I stop in the liquor store next door for a big bottle of tequila. If I’m watching soap operas from the couch for the next two weeks, I’m certainly not doing it sober. On my way out, a hot homeless guy smiles from his place near the curb. “Sick cast, dude. Can I follow you to your car while you tell me how such a handsome guy got in such a fix?” Knowing he can’t see how handsome or not I am while wearing my mask, I can’t believe how vulnerable I feel in the cumbersome boot, unable to make a mad dash if necessary. “Hey, hey,” he says, waiting for me to keep up, “sorry I don’t have a mask. It’s a long story.” For a second I feel like Ratso Rizzo to his Joe Buck. A car screeches just ahead as hot homeless guy dashes out into traffic. I could swear I hear him say, “I’m walking here!”
So here I am. Day 1. Instead of doing a big tofu turkey, decadent desert and everything else I was gonna do even though it was just gonna be us, the partner is on his way to Veggie Grill to pick up a prepared holiday feast. He’s also asked me to text him a Whole Foods list. Which I’ve never had to do. Because I adore grocery shopping. My friend Paige hates grocery shopping so much she once offered to scrub my toilets if I did her marketing. It was more than tempting. And that’s the thing. When you love to do something, you never trust anyone else to do it for you. And when you’re forced to, it can be a lot like shopping for my late Grandma Bess. When we were kids, and even into adulthood, my sister, cousins and I would offer up our weekly allowance to any sucker who would offer to go instead. The lists Ma Bess handed off were incredibly detailed and left no room for deviation:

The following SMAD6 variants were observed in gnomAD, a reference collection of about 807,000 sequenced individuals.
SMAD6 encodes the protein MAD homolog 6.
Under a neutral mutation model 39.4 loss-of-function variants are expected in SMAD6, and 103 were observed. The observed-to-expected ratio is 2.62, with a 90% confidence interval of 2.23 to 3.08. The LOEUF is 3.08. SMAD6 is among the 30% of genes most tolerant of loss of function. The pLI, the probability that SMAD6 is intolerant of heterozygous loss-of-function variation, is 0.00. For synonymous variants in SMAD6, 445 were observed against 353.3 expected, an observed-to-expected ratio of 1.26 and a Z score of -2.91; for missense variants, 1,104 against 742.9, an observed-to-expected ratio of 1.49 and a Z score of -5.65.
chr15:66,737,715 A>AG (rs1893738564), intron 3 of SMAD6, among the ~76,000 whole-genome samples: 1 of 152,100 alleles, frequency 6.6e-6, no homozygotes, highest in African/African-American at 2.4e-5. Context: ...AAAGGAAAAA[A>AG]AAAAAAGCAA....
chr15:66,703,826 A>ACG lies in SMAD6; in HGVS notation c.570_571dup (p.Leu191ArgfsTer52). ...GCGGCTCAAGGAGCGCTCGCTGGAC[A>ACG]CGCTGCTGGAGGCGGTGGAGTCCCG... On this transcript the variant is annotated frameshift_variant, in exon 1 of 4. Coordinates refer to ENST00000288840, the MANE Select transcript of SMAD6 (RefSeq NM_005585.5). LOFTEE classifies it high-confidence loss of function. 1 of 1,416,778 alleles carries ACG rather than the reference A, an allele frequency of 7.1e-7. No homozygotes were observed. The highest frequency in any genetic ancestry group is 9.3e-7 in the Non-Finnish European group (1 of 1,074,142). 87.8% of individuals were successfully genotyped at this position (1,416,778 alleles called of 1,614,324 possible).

1 Dozen Grade A Large Farm Best Light Brown Eggs In The Light Blue Carton.
2 16.5 oz. Cracker Barrel Sharp Cheddar Cheese Aged 3-4 months, NOT 6.
1 32 oz. (2 lbs.) Gold Medal Enriched Bleached Pre-sifted All Purpose Flour – NO SUBSTITUTIONS!!
You get the picture.
Whenever the partner can’t finagle his way out of accompanying me, he offers an interminable sports commentary during the whole visit: “Once again he’s rounding the corner for the produce section. Evidently he’s forgotten heirloom tomatoes, or maybe it’s brussel sprouts…either way, it’s an impressive weave through the barely social distancing buggy-pushers and pre-washed kale-buyers.”
But since I’m down for the count, it’s his turn at bat. I’m imagining him reading my own Ma Bess details as he makes his way through the cavernous market chockfull of Santa Monica liberals dashing through last-minute holiday decisions when the phone rings: